Definition of yard in:

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Word of the day conspicuous
Pronunciation: kənˈspɪkjʊəs
adjective
clearly visible

There are 2 definitions of yard in English:

yard2

Line breaks: yard
Pronunciation: /jɑːd
 
/

noun

1chiefly British A piece of uncultivated ground adjoining a building, typically one enclosed by walls or other buildings: tiny houses with the lavatory in the yard
More example sentences
  • They took their food and went to sit on the low wall that enclosed the yard.
  • The village square is dominated by a pristine, thatched church enclosed within a walled yard.
  • There was a yard enclosed by a high brick wall at one end of the place.
1.1North American The garden of a house.
More example sentences
  • You may even find some that prove more useful in the yard and garden than in your kitchen.
  • So, you have decided to plant rose bushes in your yard or on your patio, porch or balcony.
  • You'd get to know them, and pretty soon we were just like anybody else hanging out in the yard.
Synonyms
2An area of land used for a particular purpose or business: a builder’s yard
More example sentences
  • Five or six trips to the dump yard on the far lands and I stopped for something to eat.
  • These traders require access to their stores and yards to run their businesses.
  • My father has a little family business, a scrap-metal business with a yard and lorry.
Synonyms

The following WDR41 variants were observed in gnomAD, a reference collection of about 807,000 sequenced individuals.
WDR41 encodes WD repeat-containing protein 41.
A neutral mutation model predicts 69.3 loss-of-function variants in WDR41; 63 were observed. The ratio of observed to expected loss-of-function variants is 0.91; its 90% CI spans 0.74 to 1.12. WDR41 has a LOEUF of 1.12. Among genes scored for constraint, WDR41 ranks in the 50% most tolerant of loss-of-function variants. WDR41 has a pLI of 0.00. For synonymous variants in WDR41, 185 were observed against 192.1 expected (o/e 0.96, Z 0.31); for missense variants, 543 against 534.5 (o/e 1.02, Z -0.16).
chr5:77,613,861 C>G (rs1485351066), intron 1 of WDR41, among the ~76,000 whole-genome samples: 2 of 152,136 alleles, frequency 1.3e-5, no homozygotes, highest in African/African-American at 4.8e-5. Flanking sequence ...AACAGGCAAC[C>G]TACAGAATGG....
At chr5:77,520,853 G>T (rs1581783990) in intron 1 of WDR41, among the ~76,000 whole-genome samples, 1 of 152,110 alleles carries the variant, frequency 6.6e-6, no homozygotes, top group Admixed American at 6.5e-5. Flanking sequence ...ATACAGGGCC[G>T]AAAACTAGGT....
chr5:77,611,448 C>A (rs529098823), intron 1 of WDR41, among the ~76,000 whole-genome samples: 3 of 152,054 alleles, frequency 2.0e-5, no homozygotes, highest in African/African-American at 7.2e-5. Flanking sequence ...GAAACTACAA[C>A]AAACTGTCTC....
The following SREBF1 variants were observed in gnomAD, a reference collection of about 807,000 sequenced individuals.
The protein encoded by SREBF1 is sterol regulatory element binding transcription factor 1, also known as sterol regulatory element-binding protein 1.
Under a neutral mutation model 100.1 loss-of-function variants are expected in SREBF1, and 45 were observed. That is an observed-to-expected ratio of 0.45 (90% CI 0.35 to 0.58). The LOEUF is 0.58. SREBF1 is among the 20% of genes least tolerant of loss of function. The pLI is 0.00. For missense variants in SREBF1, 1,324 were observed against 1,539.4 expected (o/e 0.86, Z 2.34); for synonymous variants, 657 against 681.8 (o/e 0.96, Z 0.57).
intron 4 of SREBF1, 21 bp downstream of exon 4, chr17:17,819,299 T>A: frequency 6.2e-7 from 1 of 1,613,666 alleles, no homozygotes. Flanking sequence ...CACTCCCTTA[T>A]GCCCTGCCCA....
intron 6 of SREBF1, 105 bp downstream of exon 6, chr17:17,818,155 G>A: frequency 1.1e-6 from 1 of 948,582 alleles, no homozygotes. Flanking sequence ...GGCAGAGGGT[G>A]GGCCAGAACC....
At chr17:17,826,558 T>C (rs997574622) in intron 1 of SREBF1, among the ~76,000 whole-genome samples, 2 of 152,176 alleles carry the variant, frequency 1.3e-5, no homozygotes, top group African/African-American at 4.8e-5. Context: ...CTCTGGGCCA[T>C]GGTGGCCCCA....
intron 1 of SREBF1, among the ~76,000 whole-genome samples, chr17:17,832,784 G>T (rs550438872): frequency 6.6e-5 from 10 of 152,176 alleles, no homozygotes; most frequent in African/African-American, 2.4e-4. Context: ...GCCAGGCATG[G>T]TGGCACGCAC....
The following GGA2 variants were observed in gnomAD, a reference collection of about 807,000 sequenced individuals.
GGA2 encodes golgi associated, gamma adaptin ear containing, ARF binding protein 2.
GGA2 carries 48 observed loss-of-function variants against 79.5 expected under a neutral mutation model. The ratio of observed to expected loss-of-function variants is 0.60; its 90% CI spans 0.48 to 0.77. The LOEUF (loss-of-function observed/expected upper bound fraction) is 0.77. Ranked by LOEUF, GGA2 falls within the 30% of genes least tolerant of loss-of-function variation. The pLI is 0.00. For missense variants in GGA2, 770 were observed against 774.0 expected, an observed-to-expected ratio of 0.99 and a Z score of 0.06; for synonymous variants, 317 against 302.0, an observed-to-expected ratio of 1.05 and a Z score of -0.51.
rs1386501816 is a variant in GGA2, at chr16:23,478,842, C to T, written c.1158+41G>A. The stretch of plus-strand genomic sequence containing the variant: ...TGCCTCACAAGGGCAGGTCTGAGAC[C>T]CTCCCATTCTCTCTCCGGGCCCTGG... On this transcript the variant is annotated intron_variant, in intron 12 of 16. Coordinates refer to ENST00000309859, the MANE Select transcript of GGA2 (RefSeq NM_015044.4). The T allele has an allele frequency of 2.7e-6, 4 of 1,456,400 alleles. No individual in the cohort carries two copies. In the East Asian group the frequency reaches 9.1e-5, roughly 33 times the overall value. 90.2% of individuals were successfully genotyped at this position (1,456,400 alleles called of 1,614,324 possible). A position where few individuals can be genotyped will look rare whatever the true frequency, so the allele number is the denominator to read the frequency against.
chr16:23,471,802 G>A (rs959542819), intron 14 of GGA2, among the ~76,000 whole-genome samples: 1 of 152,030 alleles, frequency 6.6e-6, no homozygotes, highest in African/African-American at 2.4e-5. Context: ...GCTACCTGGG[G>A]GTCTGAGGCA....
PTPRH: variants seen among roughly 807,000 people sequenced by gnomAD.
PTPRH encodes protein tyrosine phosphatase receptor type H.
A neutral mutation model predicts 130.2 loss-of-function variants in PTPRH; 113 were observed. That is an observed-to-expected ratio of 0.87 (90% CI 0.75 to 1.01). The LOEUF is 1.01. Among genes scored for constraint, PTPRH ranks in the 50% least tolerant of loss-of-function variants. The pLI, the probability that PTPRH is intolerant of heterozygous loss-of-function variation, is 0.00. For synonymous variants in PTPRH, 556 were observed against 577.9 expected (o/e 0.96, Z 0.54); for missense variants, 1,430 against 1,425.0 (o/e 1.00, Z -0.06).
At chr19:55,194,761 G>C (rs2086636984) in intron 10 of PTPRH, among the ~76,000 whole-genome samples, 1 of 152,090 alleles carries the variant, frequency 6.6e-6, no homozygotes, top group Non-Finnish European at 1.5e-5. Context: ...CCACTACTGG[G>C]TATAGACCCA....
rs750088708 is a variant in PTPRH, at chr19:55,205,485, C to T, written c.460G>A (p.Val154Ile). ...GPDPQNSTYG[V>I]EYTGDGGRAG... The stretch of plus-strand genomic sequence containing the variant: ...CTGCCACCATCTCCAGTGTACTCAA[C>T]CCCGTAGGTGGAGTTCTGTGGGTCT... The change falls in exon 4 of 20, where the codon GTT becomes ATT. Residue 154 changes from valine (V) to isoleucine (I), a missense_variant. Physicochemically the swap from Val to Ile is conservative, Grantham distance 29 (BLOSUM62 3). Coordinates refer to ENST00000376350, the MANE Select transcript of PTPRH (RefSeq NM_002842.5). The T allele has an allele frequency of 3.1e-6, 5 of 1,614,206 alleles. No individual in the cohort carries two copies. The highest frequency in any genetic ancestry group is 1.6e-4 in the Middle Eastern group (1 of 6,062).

workshop, works, factory, garage, plant, foundry, mill, industrial unit, business unit; shipyard
archaic manufactory
2.1 (the Yard) British informal term for Scotland Yard.
3West Indian A house and the land attached.
More example sentences
  • To enter where he is, one must pass several shrines and offerings all about the yard of his home.
  • I was walking around the yard of the house where Natty, MBJr. and I are living and I happened to glance over the fence.
  • Sulchan reportedly opened the door without anyone knowing and ran out behind her father as he was reversing into the yard of their Freeport home.
3.1An urban residential compound comprising a number of small rented dwellings around a shared open area.
More example sentences
  • For a while I also shared a yard with a British chap named Roy who worked as a foreman on the project.
  • There are 14 small shacks and brick houses opening on to the yard, sharing a central tap and stone basin.
  • Dai people build their wooden housing compound in a yard.
3.2South African A plot of land, or the grounds of a building, accommodating a number of small rooms let out as living space.
More example sentences
  • The yard and room are now to be transformed into a tourist site, to be called the Mandela Yard Interpretation Centre.